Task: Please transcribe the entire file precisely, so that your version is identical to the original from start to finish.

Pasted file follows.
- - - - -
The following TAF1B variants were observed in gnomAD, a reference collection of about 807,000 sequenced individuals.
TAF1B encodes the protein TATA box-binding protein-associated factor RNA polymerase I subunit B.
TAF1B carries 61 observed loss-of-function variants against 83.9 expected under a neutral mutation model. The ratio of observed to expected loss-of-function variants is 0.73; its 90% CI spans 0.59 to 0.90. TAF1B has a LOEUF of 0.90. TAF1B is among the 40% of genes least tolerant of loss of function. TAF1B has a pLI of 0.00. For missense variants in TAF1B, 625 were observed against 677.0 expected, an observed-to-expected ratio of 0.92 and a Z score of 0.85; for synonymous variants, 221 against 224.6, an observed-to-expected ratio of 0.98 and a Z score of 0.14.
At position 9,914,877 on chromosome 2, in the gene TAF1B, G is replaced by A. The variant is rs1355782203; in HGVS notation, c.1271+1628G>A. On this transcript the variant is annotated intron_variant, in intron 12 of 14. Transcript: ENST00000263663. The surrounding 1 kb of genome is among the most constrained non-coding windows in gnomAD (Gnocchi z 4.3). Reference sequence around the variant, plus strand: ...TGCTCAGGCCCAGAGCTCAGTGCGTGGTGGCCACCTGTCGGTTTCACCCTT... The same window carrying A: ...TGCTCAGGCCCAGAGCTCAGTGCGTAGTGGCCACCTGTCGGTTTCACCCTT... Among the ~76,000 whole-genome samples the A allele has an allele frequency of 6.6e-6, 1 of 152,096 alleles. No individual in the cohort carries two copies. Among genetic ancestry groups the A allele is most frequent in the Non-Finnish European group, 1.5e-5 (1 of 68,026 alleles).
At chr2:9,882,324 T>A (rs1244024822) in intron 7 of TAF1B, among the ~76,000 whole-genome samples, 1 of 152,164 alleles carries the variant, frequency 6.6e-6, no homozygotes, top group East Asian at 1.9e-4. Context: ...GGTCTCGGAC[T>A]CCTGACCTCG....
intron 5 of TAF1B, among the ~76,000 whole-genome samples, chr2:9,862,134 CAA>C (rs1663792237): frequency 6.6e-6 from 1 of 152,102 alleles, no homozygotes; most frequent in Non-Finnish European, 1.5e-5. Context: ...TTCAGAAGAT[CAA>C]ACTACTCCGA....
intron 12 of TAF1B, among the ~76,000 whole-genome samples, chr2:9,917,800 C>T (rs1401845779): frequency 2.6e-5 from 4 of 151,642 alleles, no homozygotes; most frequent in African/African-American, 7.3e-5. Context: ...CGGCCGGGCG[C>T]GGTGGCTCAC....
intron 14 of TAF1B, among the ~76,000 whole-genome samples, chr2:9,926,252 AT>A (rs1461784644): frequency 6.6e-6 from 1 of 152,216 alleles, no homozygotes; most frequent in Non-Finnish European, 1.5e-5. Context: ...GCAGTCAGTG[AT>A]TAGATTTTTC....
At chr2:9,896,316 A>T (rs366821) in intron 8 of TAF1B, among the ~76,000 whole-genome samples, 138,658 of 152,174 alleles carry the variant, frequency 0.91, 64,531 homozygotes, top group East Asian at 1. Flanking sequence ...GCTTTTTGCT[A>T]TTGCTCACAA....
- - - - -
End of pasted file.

The following TAF1B variants were observed in gnomAD, a reference collection of about 807,000 sequenced individuals.
TAF1B encodes the protein TATA box-binding protein-associated factor RNA polymerase I subunit B.
TAF1B carries 61 observed loss-of-function variants against 83.9 expected under a neutral mutation model. The ratio of observed to expected loss-of-function variants is 0.73; its 90% CI spans 0.59 to 0.90. TAF1B has a LOEUF of 0.90. TAF1B is among the 40% of genes least tolerant of loss of function. TAF1B has a pLI of 0.00. For missense variants in TAF1B, 625 were observed against 677.0 expected, an observed-to-expected ratio of 0.92 and a Z score of 0.85; for synonymous variants, 221 against 224.6, an observed-to-expected ratio of 0.98 and a Z score of 0.14.
At position 9,914,877 on chromosome 2, in the gene TAF1B, G is replaced by A. The variant is rs1355782203; in HGVS notation, c.1271+1628G>A. On this transcript the variant is annotated intron_variant, in intron 12 of 14. Transcript: ENST00000263663. The surrounding 1 kb of genome is among the most constrained non-coding windows in gnomAD (Gnocchi z 4.3). Reference sequence around the variant, plus strand: ...TGCTCAGGCCCAGAGCTCAGTGCGTGGTGGCCACCTGTCGGTTTCACCCTT... The same window carrying A: ...TGCTCAGGCCCAGAGCTCAGTGCGTAGTGGCCACCTGTCGGTTTCACCCTT... Among the ~76,000 whole-genome samples the A allele has an allele frequency of 6.6e-6, 1 of 152,096 alleles. No individual in the cohort carries two copies. Among genetic ancestry groups the A allele is most frequent in the Non-Finnish European group, 1.5e-5 (1 of 68,026 alleles).
At chr2:9,882,324 T>A (rs1244024822) in intron 7 of TAF1B, among the ~76,000 whole-genome samples, 1 of 152,164 alleles carries the variant, frequency 6.6e-6, no homozygotes, top group East Asian at 1.9e-4. Context: ...GGTCTCGGAC[T>A]CCTGACCTCG....
intron 5 of TAF1B, among the ~76,000 whole-genome samples, chr2:9,862,134 CAA>C (rs1663792237): frequency 6.6e-6 from 1 of 152,102 alleles, no homozygotes; most frequent in Non-Finnish European, 1.5e-5. Context: ...TTCAGAAGAT[CAA>C]ACTACTCCGA....
intron 12 of TAF1B, among the ~76,000 whole-genome samples, chr2:9,917,800 C>T (rs1401845779): frequency 2.6e-5 from 4 of 151,642 alleles, no homozygotes; most frequent in African/African-American, 7.3e-5. Context: ...CGGCCGGGCG[C>T]GGTGGCTCAC....
intron 14 of TAF1B, among the ~76,000 whole-genome samples, chr2:9,926,252 AT>A (rs1461784644): frequency 6.6e-6 from 1 of 152,216 alleles, no homozygotes; most frequent in Non-Finnish European, 1.5e-5. Context: ...GCAGTCAGTG[AT>A]TAGATTTTTC....
At chr2:9,896,316 A>T (rs366821) in intron 8 of TAF1B, among the ~76,000 whole-genome samples, 138,658 of 152,174 alleles carry the variant, frequency 0.91, 64,531 homozygotes, top group East Asian at 1. Flanking sequence ...GCTTTTTGCT[A>T]TTGCTCACAA....